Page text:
Cultivating a good working relationship with media is part of getting your stories out to the public. So, how can you quickly harm that relationship? Here are five common ways, if repeated too often, that will send your media relationship toward a divorce:
1. Tell a reporter what notes to take: If the reporter isn’t scribbling in his/her notebook as you’re talking about a particular point, don’t say: “Why aren’t you writing that down! That’s important!” The reporter is simply filtering what you’re saying. That’s why it’s important to know how to sell your information as important so a reporter will want to report about it.
2. Ask to see a copy of the story before it runs: Oh, this one really jabs reporters because most take it as questioning their professionalism. Instead, if you want to doublecheck what you have told a reporter, ask him/her to read your quotes back to you. If you’re worried about which other sources will be interviewed for the story, by all means, it’s fair to ask the reporter. But never expect to see a story before it’s published. You’ll see it when readers do: as soon as it’s published. The quick message here: Have a plan before you do an interview so you’re prepared. Repeat your key messages often so the reporter is sure to get it right.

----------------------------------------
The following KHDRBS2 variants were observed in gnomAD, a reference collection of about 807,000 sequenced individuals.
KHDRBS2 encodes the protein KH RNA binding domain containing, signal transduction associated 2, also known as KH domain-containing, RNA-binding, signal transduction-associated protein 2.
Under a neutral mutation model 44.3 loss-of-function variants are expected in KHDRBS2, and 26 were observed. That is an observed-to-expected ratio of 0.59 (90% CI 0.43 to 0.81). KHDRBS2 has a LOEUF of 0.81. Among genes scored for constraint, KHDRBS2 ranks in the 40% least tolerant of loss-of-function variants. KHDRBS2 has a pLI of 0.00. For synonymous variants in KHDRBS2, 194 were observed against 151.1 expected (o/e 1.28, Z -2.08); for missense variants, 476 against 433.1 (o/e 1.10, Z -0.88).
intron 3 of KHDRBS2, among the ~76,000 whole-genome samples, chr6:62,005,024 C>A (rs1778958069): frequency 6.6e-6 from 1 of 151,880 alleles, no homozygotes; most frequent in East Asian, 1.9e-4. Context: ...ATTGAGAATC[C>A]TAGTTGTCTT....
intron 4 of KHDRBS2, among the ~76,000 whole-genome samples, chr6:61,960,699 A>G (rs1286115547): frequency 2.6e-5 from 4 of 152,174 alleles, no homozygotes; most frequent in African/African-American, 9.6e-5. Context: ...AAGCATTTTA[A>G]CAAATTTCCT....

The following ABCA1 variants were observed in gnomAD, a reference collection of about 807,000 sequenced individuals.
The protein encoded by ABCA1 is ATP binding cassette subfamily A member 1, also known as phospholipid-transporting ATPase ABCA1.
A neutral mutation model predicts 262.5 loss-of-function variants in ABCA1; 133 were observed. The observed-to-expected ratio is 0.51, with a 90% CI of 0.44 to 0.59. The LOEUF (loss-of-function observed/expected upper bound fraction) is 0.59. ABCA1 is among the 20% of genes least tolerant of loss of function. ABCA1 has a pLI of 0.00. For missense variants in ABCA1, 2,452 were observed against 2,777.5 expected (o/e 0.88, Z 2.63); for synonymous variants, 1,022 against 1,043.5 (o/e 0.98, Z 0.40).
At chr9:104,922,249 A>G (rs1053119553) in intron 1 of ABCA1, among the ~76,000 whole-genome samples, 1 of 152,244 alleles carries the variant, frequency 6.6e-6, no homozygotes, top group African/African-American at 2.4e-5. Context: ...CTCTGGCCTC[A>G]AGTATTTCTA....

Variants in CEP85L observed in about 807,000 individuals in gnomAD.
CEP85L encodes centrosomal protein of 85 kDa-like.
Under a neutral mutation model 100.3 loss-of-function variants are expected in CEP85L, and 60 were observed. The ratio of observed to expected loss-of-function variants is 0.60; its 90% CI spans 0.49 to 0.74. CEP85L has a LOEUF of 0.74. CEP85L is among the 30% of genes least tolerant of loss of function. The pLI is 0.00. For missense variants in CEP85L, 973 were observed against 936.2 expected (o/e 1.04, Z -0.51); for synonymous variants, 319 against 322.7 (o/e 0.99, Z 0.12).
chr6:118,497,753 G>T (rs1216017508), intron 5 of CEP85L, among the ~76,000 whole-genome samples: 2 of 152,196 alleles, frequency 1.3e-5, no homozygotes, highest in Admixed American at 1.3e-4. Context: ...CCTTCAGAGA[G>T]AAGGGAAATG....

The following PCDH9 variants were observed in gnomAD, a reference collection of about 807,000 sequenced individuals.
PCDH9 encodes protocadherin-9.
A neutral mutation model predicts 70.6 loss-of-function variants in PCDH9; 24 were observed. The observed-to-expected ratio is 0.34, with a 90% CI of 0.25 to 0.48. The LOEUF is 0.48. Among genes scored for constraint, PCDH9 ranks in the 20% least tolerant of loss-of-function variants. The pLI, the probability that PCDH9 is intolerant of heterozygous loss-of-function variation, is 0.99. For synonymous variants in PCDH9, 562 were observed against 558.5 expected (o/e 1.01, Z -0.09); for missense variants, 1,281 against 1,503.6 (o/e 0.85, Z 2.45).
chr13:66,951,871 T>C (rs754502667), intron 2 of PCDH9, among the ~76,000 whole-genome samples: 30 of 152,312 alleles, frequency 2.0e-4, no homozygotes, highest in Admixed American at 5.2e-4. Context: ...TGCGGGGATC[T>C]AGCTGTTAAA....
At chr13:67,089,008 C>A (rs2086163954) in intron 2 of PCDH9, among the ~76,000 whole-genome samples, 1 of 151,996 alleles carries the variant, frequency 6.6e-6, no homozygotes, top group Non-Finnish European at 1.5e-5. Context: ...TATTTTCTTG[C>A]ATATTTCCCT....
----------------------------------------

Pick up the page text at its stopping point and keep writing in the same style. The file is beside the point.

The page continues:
3. Never return phone calls: Yep this one just multiplies the frustration of a reporter over time, to the point that you’ll create an adverse relationship. Like ’em or hate ’em, you need the media, especially in good times to help deliver your messages. So cultivate a professional working relationship. It’s worth it, even when you have to return a reporter’s phone call at 4:45 p.m. on Friday.
4. Pull the old issue a press release and dash stunt: Why is late in the day on Friday a popular time to issue news releases, particularly of the political or controversial kind? It’s because you can send it out, and then dash out the door, thereby leaving the reporter with no source (you) to interview. Sure, there are times when this strategy may actually help you. These are the times when you want to control the message by issuing a well-written release and hoping the media will simply use it verbatim. But pull this stunt too often and you’ll again create an adverse relationship with media that may be translated that way in print or on air in the future to readers or viewers. The quick message: Be accountable and available.
5. Tell an assignment editor which reporter to assign to your story: Do this, and odds are, you’ll be face to face with the reporter you didn’t want. That’s what happens when you try to tell other people how to do their jobs. It never hurts to praise a reporter’s previous work, but stop short of demanding which reporter should be assigned.